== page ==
- In drug-naïve patients with type 2 diabetes mellitus (T2DM) and high glycated haemoglobin A1c (HbA1c) level, initial triple combination with metformin, sitagliptin and lobeglitazone showed better efficacy and safety compared with conventional stepwise approach of sequential dose escalation with glimepiride and metformin.
Why this matters
- Findings suggest that triple combination therapy to preserve β-cells with a DPP4 inhibitor and to lower the burden of the β-cells with thiazolidinedione and metformin may be an ideal option for drug-naïve patients with T2DM with high HbA1c levels.
- A prospective observational study included drug-naïve patients with T2DM who received initial triple therapy (metformin plus sitagliptin plus lobeglitazone; n=100) and conventional therapy (glimepiride plus metformin; n=100) for 12 months.
- Changes in HbA1c level, homoeostasis model assessment of insulin resistance (HOMA-IR), homoeostasis model assessment of β-cell function (HOMA-β), urinary albumin-creatinine ratio and hypoglycaemia were evaluated at baseline, 2, 5, 8 and 12 months.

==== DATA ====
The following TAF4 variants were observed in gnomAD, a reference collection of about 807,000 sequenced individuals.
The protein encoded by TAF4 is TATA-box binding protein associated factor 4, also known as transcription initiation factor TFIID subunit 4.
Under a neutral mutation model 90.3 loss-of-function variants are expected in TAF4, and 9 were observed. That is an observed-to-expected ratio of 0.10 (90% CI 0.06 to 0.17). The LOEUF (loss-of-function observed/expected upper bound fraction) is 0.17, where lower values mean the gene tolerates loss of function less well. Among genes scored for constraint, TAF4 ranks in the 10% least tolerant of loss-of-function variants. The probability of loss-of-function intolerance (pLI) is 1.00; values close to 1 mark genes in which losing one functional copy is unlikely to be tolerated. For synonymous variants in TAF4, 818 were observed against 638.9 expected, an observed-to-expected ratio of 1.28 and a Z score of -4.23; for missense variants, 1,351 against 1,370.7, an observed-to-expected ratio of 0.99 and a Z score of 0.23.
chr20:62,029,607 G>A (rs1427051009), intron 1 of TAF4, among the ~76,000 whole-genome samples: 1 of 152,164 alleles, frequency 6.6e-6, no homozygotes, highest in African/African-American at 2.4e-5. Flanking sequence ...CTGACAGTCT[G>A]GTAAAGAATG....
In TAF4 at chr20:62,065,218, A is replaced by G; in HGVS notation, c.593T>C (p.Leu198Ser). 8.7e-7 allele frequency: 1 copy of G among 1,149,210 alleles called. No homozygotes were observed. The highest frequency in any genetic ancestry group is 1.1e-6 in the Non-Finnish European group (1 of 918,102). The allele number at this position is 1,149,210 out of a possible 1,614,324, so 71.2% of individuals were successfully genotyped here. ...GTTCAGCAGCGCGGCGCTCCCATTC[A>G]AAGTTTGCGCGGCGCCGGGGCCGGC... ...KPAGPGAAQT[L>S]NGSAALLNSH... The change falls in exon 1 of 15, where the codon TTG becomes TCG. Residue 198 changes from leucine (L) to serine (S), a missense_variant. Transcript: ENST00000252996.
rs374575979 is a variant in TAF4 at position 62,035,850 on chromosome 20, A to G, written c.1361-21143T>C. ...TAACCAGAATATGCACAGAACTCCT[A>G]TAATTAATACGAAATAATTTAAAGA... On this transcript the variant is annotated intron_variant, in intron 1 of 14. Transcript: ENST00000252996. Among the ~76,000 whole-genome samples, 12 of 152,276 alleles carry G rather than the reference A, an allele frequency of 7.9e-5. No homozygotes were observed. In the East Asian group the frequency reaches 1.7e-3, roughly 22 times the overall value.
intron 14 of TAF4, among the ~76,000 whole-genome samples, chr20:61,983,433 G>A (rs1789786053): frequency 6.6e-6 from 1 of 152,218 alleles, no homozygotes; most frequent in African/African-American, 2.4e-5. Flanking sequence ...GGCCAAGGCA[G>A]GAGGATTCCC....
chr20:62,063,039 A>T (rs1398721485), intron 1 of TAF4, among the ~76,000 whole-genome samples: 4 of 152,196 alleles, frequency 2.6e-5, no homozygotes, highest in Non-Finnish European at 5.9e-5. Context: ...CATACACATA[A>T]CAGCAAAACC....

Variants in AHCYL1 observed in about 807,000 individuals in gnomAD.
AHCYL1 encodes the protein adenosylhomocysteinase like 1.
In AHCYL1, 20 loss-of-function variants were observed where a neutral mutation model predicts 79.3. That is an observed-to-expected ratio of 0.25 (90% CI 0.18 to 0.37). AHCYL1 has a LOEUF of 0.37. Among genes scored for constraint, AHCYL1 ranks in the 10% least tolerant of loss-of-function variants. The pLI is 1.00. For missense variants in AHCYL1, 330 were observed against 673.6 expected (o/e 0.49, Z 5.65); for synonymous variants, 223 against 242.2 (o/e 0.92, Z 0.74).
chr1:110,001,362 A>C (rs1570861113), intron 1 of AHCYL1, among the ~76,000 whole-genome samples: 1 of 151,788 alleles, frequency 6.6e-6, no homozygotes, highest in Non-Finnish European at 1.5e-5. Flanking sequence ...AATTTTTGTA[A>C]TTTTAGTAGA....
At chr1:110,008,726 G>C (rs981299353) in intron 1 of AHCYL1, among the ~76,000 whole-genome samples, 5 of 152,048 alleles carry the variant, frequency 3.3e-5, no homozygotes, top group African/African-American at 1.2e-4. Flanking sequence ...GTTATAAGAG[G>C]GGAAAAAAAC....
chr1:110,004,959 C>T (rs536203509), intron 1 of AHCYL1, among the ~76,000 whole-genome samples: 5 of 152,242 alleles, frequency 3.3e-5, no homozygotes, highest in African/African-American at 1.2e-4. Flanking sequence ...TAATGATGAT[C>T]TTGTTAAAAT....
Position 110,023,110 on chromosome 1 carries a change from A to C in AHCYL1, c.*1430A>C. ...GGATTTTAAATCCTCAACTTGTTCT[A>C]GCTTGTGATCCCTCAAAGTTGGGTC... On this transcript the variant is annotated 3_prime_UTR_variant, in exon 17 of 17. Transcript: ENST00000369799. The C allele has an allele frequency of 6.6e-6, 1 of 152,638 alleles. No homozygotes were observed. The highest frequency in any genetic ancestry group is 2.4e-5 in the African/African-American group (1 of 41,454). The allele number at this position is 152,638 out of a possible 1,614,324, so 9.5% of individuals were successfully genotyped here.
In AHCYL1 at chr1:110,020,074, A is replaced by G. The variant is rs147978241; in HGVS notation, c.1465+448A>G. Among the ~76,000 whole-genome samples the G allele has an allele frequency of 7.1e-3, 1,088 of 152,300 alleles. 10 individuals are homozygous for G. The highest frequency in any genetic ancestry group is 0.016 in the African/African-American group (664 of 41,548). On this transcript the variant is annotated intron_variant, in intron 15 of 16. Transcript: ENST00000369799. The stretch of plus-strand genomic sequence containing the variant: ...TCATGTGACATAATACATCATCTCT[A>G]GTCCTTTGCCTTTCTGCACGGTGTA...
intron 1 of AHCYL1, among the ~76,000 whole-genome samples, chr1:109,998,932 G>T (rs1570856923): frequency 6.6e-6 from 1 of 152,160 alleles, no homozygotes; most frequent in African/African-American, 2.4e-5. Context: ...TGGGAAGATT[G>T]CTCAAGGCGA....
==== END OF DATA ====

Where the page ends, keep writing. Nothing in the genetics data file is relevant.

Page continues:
- Funding: Seoul National University Bundang Hospital.
- After 12 months, the triple therapy group had a significant reduction in HbA1c levels vs conventional group (6.7±1.3% vs 7.3±1.2%; P<.05>
- After 12 months, HbA1c target
- Triple therapy vs conventional group had a significant improvement in HOMA-IR (2.7±1.5 vs 4.5±2.4), HOMA-β (81.1±66.1 vs 43.1±26.5), and urinary albumin-creatinine (72.8±278.8 vs 114.9±388.2 mg/g; P<.05 for all>
- Risk for hypoglycaemia was lower in triple therapy vs conventional group (1 vs 11 patients).
- Small sample size and short study duration.